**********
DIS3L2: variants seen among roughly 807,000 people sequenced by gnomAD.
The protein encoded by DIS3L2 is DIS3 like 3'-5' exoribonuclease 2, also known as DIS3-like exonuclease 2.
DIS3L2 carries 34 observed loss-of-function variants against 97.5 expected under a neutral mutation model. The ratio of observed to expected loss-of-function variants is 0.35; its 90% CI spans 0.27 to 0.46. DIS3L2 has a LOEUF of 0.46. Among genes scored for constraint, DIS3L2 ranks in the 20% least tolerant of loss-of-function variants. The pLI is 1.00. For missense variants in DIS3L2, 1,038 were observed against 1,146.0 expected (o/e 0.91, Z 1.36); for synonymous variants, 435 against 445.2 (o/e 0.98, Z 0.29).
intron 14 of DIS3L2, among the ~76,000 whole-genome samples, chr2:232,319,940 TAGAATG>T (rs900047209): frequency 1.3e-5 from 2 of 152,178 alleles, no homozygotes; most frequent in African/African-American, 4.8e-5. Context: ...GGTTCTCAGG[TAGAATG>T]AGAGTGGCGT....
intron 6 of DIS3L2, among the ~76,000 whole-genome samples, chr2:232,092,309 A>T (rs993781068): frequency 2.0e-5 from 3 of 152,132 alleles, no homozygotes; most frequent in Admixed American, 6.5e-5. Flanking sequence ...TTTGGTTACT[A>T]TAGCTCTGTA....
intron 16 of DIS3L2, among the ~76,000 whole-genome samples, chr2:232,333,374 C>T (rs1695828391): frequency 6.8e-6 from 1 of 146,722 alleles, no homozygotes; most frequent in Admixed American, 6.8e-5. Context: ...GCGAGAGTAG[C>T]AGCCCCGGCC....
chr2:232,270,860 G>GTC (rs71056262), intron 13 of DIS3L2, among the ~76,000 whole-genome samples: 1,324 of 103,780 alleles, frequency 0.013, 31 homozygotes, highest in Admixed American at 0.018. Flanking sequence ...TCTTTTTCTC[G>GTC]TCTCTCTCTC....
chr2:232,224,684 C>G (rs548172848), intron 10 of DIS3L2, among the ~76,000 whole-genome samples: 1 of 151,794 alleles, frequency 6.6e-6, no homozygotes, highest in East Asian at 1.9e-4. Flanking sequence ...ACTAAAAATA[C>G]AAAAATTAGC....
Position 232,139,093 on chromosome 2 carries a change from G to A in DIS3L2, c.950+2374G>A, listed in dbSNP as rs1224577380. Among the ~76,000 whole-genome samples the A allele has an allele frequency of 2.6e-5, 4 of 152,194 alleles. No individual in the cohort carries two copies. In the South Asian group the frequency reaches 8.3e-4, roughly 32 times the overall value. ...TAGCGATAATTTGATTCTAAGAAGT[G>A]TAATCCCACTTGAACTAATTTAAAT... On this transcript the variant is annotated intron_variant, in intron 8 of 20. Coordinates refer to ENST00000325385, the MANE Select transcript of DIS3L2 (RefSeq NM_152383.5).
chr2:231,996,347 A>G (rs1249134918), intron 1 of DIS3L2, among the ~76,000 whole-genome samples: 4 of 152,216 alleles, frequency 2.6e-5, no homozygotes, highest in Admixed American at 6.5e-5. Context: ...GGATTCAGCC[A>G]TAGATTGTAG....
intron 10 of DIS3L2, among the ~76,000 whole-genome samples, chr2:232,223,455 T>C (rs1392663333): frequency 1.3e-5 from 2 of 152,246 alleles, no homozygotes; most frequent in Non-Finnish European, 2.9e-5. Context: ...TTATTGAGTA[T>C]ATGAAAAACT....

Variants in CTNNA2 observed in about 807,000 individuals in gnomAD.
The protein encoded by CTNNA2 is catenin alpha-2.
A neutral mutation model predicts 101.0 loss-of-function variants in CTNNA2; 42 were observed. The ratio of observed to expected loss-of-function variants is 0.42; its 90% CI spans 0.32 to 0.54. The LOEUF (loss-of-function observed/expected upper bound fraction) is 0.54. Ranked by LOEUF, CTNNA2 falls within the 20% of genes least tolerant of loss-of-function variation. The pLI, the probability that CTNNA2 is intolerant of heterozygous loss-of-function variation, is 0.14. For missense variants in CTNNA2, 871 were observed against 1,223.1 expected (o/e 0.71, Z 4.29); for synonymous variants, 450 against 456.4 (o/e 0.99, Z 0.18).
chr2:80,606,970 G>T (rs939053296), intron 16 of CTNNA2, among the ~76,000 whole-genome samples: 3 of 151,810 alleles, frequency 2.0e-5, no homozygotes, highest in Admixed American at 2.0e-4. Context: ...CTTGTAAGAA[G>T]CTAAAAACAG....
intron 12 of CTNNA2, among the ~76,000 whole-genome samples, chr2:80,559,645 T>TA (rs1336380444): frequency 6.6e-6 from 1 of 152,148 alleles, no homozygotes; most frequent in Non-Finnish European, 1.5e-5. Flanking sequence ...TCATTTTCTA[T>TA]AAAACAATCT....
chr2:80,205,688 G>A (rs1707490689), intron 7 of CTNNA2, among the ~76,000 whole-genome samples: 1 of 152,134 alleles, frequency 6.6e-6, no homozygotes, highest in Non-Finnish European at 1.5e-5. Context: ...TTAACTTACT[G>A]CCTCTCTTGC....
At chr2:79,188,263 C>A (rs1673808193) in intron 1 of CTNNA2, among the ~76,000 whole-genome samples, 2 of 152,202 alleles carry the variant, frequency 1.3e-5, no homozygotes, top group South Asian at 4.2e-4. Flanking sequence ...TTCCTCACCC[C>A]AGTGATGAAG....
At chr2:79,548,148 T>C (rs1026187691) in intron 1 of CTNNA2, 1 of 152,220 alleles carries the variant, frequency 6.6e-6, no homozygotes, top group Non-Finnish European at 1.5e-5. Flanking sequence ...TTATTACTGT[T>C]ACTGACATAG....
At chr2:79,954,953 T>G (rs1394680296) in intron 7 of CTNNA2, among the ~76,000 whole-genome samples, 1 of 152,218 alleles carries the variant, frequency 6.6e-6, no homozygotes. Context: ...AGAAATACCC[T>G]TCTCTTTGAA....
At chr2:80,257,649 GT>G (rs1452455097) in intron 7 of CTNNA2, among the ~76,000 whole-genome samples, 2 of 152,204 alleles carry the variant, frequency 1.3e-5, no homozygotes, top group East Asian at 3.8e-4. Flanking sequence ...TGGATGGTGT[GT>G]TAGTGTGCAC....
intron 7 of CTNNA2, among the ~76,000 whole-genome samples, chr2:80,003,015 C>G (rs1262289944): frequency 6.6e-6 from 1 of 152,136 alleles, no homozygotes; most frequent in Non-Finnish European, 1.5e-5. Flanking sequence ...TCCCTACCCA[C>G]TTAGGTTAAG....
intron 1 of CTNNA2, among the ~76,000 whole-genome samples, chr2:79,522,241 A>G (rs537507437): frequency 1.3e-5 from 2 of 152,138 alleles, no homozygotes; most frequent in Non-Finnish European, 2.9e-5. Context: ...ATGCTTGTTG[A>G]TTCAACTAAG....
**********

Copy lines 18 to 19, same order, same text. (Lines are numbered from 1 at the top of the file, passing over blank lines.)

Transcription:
At chr2:79,188,263 C>A (rs1673808193) in intron 1 of CTNNA2, among the ~76,000 whole-genome samples, 2 of 152,202 alleles carry the variant, frequency 1.3e-5, no homozygotes, top group South Asian at 4.2e-4. Flanking sequence ...TTCCTCACCC[C>A]AGTGATGAAG....
At chr2:79,548,148 T>C (rs1026187691) in intron 1 of CTNNA2, 1 of 152,220 alleles carries the variant, frequency 6.6e-6, no homozygotes, top group Non-Finnish European at 1.5e-5. Flanking sequence ...TTATTACTGT[T>C]ACTGACATAG....